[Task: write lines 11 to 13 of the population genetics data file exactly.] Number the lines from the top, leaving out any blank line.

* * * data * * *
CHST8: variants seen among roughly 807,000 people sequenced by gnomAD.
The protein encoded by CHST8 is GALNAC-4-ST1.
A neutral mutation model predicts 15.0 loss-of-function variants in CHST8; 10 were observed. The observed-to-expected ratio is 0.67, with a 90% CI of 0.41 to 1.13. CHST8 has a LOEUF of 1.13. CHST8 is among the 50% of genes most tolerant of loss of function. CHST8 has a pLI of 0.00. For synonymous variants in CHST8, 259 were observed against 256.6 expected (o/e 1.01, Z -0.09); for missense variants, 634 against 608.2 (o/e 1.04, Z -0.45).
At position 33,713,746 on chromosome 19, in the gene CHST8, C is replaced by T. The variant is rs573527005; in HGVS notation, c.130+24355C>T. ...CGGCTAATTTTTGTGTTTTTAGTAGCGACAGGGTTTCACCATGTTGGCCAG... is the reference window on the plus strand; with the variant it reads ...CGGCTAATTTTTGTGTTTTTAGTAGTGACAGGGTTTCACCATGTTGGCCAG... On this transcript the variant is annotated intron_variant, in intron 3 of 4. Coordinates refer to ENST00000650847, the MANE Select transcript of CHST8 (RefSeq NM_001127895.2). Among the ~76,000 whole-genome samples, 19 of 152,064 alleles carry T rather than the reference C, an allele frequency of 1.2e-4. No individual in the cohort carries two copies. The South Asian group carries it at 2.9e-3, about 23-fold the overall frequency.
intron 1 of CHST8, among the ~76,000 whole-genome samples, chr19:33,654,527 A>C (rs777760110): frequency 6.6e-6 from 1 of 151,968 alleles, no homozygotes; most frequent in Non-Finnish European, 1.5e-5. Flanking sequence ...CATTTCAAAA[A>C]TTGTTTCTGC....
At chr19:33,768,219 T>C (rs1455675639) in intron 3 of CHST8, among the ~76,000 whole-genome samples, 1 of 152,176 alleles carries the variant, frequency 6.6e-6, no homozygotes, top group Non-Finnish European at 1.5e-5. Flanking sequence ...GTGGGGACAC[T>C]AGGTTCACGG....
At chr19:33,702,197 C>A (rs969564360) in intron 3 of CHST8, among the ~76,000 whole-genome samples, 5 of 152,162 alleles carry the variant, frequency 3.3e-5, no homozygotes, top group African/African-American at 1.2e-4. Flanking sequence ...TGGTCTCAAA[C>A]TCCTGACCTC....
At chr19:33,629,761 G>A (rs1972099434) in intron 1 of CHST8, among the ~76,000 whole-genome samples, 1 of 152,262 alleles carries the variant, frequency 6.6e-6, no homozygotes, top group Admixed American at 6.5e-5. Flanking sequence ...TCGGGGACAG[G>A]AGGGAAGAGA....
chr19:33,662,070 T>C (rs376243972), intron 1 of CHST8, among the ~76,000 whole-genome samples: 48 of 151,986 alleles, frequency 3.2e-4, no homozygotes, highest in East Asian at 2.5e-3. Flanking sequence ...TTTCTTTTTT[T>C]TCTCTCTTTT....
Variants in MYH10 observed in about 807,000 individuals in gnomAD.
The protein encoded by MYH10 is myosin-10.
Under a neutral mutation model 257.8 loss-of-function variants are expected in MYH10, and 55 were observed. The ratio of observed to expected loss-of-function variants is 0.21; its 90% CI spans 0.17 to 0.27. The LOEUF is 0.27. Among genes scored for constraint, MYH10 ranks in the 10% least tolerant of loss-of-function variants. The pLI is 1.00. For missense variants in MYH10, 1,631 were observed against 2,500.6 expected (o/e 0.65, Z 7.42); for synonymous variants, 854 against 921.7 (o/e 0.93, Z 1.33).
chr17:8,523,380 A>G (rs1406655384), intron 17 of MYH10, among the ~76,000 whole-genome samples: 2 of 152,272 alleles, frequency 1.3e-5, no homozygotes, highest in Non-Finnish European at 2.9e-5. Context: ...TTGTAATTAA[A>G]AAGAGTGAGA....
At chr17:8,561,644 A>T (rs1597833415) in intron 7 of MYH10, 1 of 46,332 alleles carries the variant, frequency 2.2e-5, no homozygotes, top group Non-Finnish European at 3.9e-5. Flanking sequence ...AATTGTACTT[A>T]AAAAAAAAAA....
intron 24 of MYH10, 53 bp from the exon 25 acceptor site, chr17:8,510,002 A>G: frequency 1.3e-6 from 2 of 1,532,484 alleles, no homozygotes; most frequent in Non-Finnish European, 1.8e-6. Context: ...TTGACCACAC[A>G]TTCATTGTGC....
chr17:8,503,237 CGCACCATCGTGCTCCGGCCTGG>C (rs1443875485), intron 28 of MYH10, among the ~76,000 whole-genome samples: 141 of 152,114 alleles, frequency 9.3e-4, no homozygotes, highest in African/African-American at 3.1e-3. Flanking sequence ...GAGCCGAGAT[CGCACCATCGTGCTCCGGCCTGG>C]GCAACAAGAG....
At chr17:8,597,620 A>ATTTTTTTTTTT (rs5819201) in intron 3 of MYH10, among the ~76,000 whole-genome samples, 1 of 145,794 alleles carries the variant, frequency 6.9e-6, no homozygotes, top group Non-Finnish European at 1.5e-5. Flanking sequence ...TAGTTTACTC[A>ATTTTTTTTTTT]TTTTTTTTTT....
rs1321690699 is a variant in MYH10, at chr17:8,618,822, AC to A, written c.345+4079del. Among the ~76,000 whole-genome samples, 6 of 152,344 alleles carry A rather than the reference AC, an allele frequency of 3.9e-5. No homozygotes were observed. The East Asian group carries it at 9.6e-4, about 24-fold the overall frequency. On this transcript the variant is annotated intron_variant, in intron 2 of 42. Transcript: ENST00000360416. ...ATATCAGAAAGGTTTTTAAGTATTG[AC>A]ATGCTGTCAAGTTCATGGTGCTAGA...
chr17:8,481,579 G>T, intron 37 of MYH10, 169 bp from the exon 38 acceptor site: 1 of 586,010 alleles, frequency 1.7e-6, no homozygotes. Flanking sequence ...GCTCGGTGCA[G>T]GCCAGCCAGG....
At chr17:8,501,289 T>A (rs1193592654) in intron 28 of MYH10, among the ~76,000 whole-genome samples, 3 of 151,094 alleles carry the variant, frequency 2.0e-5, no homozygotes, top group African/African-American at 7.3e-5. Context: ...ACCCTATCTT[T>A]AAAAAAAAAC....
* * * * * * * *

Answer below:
The protein encoded by MYH10 is myosin-10.
Under a neutral mutation model 257.8 loss-of-function variants are expected in MYH10, and 55 were observed. The ratio of observed to expected loss-of-function variants is 0.21; its 90% CI spans 0.17 to 0.27. The LOEUF is 0.27. Among genes scored for constraint, MYH10 ranks in the 10% least tolerant of loss-of-function variants. The pLI is 1.00. For missense variants in MYH10, 1,631 were observed against 2,500.6 expected (o/e 0.65, Z 7.42); for synonymous variants, 854 against 921.7 (o/e 0.93, Z 1.33).
chr17:8,523,380 A>G (rs1406655384), intron 17 of MYH10, among the ~76,000 whole-genome samples: 2 of 152,272 alleles, frequency 1.3e-5, no homozygotes, highest in Non-Finnish European at 2.9e-5. Context: ...TTGTAATTAA[A>G]AAGAGTGAGA....